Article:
A recent study carried out by a group of astronomers from the University of Leicester, in the UK, headed by Professor Ken Pounds, reports that the scientists were able to observe matter falling into a black hole.
While it is a very well-known fact that at the center of virtually every galaxy in the Universe a supermassive black hole lurks absorbing all the matter surrounding it, including stellar dust, gases, and any space objects the ventures in its close vicinity. However, every time a black hole suck matter, it’s brighter than usual.
According to the scientists, the orbit of the matter around a black hole is considered to be in line with the black hole’s rotation sense, but the astronomers couldn’t find enough evidence of this kind of movement. That until now when the scientists at the University of Leicester, in the UK, observed matter falling into black hole.
Astronomers detected matter falling into a black hole and learned more about this type of interaction
Until this recent study came out, it was not entirely clear how misaligned rotation of matter around a black hole could influence the absorption of the space objects into that respective black hole.
Professor Ken Pounds and his co-workers used the ESA’s XMM-Newton X-ray Observatory to analyze the PG1211+143 Seyfert Galaxy in X-ray spectra. This Seyfert Galaxy is located at about 1 billion light-years away from the Earth, somewhere in the constellation known as Coma Berenices.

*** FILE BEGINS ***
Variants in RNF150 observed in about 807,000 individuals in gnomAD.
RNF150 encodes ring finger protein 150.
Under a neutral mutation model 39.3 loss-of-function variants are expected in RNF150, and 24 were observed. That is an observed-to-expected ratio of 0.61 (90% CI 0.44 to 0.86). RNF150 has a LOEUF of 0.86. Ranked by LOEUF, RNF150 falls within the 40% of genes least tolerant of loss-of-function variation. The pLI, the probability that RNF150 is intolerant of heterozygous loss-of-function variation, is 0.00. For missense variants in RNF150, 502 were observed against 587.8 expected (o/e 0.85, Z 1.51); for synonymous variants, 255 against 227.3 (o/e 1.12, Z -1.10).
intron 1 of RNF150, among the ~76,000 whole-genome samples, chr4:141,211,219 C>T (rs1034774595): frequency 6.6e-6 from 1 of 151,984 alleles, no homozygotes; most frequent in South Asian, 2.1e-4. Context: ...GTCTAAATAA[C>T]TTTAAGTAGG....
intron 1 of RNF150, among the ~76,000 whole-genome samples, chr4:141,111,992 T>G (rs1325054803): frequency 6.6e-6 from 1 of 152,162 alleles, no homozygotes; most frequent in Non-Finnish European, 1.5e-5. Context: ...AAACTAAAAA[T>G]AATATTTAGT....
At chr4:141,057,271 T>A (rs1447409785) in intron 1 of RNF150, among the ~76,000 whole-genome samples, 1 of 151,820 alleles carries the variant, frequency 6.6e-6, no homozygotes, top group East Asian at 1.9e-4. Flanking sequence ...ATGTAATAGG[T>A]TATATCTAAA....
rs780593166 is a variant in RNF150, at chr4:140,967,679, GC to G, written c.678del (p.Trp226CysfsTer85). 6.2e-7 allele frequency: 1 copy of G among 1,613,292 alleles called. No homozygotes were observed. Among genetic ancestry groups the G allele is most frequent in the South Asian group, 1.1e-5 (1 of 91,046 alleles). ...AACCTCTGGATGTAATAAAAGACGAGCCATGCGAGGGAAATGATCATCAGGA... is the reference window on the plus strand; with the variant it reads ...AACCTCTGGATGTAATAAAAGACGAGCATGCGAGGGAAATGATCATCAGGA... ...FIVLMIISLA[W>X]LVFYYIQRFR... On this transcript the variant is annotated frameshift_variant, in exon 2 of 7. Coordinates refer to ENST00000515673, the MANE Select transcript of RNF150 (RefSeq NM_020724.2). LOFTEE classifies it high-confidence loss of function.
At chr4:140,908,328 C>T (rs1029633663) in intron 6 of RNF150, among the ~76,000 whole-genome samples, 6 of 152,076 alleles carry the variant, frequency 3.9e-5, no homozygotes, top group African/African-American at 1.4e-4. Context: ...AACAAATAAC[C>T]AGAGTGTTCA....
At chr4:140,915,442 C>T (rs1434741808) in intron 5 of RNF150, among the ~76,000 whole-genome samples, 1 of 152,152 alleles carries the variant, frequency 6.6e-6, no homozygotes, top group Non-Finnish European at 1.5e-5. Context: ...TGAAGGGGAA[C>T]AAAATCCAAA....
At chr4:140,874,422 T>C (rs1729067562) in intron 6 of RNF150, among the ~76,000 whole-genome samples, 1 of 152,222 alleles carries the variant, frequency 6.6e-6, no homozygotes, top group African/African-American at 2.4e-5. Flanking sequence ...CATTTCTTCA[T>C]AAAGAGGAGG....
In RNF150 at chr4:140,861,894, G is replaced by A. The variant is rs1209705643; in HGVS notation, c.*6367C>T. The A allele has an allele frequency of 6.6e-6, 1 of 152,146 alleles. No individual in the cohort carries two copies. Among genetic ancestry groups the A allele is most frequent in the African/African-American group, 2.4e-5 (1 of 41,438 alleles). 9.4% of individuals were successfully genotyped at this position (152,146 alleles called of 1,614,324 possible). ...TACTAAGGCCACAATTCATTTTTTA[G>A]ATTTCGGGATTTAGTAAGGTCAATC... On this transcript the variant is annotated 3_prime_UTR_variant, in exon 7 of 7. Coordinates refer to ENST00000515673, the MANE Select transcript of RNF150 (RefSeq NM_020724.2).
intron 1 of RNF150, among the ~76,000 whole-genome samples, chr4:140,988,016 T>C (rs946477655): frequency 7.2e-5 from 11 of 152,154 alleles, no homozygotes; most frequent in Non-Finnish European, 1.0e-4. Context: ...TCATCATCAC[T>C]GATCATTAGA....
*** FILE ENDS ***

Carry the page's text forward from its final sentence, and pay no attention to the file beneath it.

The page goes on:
So, they were able to observe matter falling into a black hole at the tremendous velocity of 30% of the speed of light or about 100,000 km per second. However, according to the researchers, the gas surrounding this supermassive black hole has no rotation around the black hole even though it’s pretty close to the event horizon.
“We were able to follow an Earth-sized clump of matter for about a day, as it was pulled towards the black hole, accelerating to a third of the velocity of light before being swallowed up by the hole,” said Professor Pounds.
Jasmine holds a Master’s in Journalism from Ryerson University in Toronto and writes professionally in a broad variety of genres. She has worked as a senior manager in public relations and communications for major telecommunication companies, and is the former Deputy Director for Media Relations with the Modern Coalition. Jasmine writes primarily in our LGBTTQQIAAP and Science section.